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Police stay quiet on crucial police report publication

A fans’ march in Huddersfield on matchday

West Yorkshire Police has so far refused to publish a report showing how senior officers handled a controversial match.

In the run up to a Championship match between Huddersfield and Hull City on March 30, WYP chiefs judged the game to be of the highest possible risk.

They restricted the away allocation to 1,500 tickets and ordered all visiting fans to collect tickets on matchday in Hull.

Police later watered down the measures after coming under fire from both clubs and hundreds of fans – who staged a matchday protest march.

Reds Away, which helped fans’ groups from both clubs with their joint campaign on the issue, uncovered internal police documents which showed a sketchy police approach to the game.

Mistakes include police chiefs

- categorising the match based on a generic and ambigious document called ‘Hull threat’
- failing to get legal advice before categorising the match
- giving contradictory figures for how much the policing operation would cost
- telling Huddersfield officials there was no room for compromise – knowing the club could be deducted points if they did not sing to the police’s tune
- instructing other officers to search youTube for clips of Hull fans misbehaving so they could justify the high categorisation
- allowing officers to trawl Facebook to gather names, profile pictures and comments of fans who had criticised police
- suggesting people out shopping in Huddersfield town centre would not be safe if Hull fans were allowed there

And when WYP did get legal advice, they were told it could be judged to be unfair to treat Hull fans tougher than they treated Leeds fans, who had misbehaved more in terms of ejections, arrests and banning orders.

After WYP’s police crime commissioner Mark Burns-Williamson saw the documents uncovered by Reds Away, he ordered WYP to carry out an internal review of how the match was assessed.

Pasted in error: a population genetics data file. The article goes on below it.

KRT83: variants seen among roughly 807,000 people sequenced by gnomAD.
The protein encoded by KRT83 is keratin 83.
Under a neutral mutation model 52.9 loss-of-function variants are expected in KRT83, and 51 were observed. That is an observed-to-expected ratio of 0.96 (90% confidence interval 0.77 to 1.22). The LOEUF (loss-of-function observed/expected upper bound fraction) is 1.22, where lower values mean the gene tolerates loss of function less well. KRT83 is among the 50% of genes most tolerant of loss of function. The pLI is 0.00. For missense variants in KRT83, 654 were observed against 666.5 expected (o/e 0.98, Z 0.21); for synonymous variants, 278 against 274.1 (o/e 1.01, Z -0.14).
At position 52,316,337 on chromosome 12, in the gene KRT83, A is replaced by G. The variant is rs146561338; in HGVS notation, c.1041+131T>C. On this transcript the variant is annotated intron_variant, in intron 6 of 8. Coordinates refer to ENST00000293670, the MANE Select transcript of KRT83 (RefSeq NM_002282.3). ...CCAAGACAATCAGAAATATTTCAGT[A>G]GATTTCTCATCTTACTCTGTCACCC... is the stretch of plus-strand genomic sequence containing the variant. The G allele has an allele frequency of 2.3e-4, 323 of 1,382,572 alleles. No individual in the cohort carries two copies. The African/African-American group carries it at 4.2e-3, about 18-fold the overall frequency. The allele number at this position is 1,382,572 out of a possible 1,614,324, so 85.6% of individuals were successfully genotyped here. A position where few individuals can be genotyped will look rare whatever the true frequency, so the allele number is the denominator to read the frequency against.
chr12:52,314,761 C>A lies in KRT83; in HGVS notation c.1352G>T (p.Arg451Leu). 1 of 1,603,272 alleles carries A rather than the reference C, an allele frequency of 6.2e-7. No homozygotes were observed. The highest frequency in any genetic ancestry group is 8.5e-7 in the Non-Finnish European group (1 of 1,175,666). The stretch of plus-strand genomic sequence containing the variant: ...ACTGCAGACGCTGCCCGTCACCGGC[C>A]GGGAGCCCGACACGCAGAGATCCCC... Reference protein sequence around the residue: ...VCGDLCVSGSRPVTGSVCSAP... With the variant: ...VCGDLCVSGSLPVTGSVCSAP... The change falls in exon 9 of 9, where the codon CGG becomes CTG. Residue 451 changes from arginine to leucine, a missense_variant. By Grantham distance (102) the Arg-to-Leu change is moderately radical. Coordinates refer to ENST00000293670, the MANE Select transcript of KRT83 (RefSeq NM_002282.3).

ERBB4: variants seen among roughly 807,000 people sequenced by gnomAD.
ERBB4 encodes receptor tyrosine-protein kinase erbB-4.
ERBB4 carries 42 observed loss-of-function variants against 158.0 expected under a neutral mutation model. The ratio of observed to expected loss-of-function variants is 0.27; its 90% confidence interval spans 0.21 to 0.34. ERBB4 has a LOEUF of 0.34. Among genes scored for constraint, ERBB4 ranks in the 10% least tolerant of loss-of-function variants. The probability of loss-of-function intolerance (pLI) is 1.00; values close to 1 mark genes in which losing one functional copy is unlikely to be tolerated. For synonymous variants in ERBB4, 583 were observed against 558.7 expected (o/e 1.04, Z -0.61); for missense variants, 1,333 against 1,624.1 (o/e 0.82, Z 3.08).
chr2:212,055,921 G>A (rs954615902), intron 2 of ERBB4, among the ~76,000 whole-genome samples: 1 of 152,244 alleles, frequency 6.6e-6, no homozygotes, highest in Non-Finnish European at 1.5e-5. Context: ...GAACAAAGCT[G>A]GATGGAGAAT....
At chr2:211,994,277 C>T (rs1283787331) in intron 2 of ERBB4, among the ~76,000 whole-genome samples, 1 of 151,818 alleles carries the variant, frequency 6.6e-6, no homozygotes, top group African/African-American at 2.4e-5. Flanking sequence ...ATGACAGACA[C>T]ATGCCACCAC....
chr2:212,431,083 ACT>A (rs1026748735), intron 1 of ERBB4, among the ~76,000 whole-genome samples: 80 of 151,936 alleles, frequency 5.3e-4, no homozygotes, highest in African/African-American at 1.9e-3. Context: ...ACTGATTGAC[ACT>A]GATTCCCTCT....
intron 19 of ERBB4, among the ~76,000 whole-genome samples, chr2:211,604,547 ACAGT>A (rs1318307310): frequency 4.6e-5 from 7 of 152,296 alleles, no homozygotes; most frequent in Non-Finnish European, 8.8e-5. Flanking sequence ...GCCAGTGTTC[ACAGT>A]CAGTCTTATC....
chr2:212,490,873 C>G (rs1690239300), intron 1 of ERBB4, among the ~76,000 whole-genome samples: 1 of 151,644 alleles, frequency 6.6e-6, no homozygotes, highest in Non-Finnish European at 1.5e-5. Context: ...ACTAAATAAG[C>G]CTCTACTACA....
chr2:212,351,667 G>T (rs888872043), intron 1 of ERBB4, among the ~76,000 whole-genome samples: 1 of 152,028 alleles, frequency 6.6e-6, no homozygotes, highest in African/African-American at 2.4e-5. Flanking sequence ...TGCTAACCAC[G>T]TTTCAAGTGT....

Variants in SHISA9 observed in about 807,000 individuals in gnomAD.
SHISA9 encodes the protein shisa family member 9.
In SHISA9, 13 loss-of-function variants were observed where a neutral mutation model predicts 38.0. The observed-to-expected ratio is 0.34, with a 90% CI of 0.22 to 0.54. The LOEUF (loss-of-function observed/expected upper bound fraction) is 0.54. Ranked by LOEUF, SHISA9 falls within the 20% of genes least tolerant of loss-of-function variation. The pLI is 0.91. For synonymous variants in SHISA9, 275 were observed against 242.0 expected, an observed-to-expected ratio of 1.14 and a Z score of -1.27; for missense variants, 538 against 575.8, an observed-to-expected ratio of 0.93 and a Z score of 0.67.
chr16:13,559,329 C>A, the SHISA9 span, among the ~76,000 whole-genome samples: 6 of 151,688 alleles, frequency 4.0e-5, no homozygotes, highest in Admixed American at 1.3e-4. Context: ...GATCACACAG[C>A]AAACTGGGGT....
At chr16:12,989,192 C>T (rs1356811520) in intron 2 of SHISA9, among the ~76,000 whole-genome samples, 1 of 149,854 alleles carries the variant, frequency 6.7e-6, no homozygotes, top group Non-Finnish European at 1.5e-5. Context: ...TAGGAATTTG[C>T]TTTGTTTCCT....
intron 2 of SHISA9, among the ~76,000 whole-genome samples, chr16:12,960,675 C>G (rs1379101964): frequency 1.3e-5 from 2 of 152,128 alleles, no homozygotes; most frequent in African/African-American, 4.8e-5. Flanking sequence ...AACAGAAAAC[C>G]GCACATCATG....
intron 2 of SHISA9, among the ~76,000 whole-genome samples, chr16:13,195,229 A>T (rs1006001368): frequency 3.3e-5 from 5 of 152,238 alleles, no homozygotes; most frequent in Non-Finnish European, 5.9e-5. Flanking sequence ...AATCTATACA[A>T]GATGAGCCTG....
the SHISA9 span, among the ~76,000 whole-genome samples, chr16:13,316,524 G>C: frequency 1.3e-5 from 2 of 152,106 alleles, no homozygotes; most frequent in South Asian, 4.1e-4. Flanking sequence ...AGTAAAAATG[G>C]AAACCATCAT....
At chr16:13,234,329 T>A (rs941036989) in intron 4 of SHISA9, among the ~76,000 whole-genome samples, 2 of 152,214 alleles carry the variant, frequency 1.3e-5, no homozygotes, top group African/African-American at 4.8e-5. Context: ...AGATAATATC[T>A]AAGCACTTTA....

That was in July and, since, neither Mr Burns-Williamson’s officer or WYP has given an update on how the review is going.

When asked by Reds Away this week, a WYP spokesman said: “The operational peer review has been concluded and provided to WYP.

“The Deputy Chief Constable, Jaqaid Akhtar, is reviewing the recommendations and will be liaising with….colleagues (responsible) for policing matches.”

The spokesman added that efforts would be made to ensure the recommendations become part of the standard procedure for future games.

“(Mr Burns-Williamson) has been informed that the review has been completed and (the recommendations) worked through. Once this has been undertaken, it will be discussed with Mr Burns-Williamson,” the spokesman added.

Reds Away asked WYP on Tuesday if it planned to publish the report and has yet to receive an answer.

Reds Away editor Dale Haslam said: “This review would probably never have happened had fans themselves done the leg work to hold police to account – yet police appear to not want to tell fans what lessons they have learned.

“Not only would not publishing this report dissaude fans from raising public-interest issues in future, but WYP will be missing a golden opportunity to demonstrate to fans that it has learned from its mistakes and, in future, it will try to do better.”

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5 comments to Police stay quiet on crucial police report publication

  • John

    Good work as ever guys, keep it up!

  • Higgo

    Yorkshire Police treating supporters like criminals, what a surprise.

  • nick

    How the fuck could the wyp police get huddersfield points deducted

  • vitty

    Nick – as you probably know, Sky paid the Championship team a set fee at the start of the season.

    Part of the deal is that those clubs change their fixture time and date when Sky want to. (In effect, the payment is compensation for the team missing out on ticket revenue for anti-social kick off times).

    Sky had already asked Huddersfield if they would kick matches off at 5.20pm that season and Huddersfield had to say no because of similar police concerns.

    So the third time, Sky said ‘look, Huddersfield, do what we ask or we will report you to the FA’.

    And the FA had the option of docking them points or fining them.

    Both these options were referred to in internal police emails when they were discussing whether to cut Huddersfield some slack.

    Effectively one officer said to another that Huddersfield had to do what the police wanted else they would suffer a punishment – one of which could be a points deduction.

  • Higgo

    So technically Sky run the show. Jesus, what is footy turning in to?